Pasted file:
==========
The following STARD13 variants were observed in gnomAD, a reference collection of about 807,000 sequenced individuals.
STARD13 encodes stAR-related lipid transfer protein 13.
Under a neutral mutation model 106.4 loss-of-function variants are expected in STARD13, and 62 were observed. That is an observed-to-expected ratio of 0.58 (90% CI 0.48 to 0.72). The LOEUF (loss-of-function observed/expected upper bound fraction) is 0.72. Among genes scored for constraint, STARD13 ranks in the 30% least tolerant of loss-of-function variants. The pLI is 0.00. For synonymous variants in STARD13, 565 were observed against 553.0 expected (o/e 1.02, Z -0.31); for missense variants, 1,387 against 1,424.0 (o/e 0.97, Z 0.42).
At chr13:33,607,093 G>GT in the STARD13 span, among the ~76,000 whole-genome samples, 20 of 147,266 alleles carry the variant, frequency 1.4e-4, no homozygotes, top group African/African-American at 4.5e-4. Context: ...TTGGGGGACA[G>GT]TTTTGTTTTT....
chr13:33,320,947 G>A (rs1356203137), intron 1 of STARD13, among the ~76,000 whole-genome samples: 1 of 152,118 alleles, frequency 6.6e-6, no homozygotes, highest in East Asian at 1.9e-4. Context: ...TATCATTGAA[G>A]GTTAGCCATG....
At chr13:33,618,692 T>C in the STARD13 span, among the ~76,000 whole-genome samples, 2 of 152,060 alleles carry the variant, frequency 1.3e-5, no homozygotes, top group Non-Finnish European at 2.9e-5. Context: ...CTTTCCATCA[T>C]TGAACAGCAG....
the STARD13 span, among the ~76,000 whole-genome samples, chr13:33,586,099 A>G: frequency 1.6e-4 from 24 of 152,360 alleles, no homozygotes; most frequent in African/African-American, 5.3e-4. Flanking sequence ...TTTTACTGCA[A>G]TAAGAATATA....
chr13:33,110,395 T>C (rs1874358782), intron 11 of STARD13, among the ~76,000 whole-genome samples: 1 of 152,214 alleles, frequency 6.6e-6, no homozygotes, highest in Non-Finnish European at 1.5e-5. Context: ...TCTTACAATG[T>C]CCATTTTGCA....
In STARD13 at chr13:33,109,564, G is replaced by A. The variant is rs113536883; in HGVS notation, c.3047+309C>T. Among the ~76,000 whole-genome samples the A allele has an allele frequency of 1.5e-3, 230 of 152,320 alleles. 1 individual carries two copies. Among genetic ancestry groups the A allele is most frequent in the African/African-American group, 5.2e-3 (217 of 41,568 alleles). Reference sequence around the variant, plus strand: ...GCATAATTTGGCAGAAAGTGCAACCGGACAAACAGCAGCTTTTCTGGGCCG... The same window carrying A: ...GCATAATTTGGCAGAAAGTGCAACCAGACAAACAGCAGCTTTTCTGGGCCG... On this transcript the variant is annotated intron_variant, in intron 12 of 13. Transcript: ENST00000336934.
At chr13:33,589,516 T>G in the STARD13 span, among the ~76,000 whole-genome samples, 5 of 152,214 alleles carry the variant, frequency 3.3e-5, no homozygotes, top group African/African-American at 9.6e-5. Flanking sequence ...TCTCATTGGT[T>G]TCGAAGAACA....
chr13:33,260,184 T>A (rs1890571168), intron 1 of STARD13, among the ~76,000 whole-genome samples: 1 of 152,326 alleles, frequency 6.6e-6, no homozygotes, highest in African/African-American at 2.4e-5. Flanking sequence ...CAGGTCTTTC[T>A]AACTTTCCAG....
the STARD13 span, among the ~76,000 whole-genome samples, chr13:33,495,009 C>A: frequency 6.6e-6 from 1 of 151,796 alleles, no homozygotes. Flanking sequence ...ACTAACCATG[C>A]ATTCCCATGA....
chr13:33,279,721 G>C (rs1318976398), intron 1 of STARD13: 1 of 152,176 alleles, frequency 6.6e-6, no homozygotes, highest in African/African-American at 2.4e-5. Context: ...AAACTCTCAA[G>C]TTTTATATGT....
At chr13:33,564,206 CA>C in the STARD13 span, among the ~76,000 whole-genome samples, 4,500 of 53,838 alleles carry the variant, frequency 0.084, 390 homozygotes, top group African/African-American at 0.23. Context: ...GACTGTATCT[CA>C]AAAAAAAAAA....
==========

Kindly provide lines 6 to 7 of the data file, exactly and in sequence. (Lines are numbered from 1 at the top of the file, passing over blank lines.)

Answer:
At chr13:33,618,692 T>C in the STARD13 span, among the ~76,000 whole-genome samples, 2 of 152,060 alleles carry the variant, frequency 1.3e-5, no homozygotes, top group Non-Finnish European at 2.9e-5. Context: ...CTTTCCATCA[T>C]TGAACAGCAG....
the STARD13 span, among the ~76,000 whole-genome samples, chr13:33,586,099 A>G: frequency 1.6e-4 from 24 of 152,360 alleles, no homozygotes; most frequent in African/African-American, 5.3e-4. Flanking sequence ...TTTTACTGCA[A>G]TAAGAATATA....